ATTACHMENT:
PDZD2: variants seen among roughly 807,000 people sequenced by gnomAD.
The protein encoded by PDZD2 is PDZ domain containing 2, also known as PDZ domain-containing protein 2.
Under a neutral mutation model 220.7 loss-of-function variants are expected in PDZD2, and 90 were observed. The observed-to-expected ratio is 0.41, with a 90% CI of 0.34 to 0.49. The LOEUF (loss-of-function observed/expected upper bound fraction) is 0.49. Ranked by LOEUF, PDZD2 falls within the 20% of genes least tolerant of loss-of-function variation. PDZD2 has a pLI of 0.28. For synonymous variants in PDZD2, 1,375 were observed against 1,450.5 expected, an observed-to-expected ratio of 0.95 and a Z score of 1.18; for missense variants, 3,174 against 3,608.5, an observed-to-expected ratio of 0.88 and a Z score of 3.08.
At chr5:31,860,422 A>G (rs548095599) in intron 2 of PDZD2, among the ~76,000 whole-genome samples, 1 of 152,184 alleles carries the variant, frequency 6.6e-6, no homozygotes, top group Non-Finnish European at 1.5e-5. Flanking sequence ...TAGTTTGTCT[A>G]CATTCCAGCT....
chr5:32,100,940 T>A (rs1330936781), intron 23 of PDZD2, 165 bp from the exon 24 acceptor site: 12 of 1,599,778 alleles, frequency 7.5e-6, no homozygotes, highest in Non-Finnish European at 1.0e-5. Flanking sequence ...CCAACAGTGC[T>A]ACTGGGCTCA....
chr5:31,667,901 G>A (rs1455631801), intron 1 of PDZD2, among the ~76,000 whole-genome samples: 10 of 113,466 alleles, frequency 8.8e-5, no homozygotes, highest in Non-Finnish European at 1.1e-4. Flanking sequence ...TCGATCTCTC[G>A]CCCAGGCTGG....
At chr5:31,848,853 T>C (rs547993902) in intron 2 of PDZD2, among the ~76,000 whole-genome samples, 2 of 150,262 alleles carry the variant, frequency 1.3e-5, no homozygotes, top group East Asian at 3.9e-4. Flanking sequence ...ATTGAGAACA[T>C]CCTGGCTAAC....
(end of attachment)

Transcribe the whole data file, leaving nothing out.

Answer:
PDZD2: variants seen among roughly 807,000 people sequenced by gnomAD.
The protein encoded by PDZD2 is PDZ domain containing 2, also known as PDZ domain-containing protein 2.
Under a neutral mutation model 220.7 loss-of-function variants are expected in PDZD2, and 90 were observed. The observed-to-expected ratio is 0.41, with a 90% CI of 0.34 to 0.49. The LOEUF (loss-of-function observed/expected upper bound fraction) is 0.49. Ranked by LOEUF, PDZD2 falls within the 20% of genes least tolerant of loss-of-function variation. PDZD2 has a pLI of 0.28. For synonymous variants in PDZD2, 1,375 were observed against 1,450.5 expected, an observed-to-expected ratio of 0.95 and a Z score of 1.18; for missense variants, 3,174 against 3,608.5, an observed-to-expected ratio of 0.88 and a Z score of 3.08.
At chr5:31,860,422 A>G (rs548095599) in intron 2 of PDZD2, among the ~76,000 whole-genome samples, 1 of 152,184 alleles carries the variant, frequency 6.6e-6, no homozygotes, top group Non-Finnish European at 1.5e-5. Flanking sequence ...TAGTTTGTCT[A>G]CATTCCAGCT....
chr5:32,100,940 T>A (rs1330936781), intron 23 of PDZD2, 165 bp from the exon 24 acceptor site: 12 of 1,599,778 alleles, frequency 7.5e-6, no homozygotes, highest in Non-Finnish European at 1.0e-5. Flanking sequence ...CCAACAGTGC[T>A]ACTGGGCTCA....
chr5:31,667,901 G>A (rs1455631801), intron 1 of PDZD2, among the ~76,000 whole-genome samples: 10 of 113,466 alleles, frequency 8.8e-5, no homozygotes, highest in Non-Finnish European at 1.1e-4. Flanking sequence ...TCGATCTCTC[G>A]CCCAGGCTGG....
At chr5:31,848,853 T>C (rs547993902) in intron 2 of PDZD2, among the ~76,000 whole-genome samples, 2 of 150,262 alleles carry the variant, frequency 1.3e-5, no homozygotes, top group East Asian at 3.9e-4. Flanking sequence ...ATTGAGAACA[T>C]CCTGGCTAAC....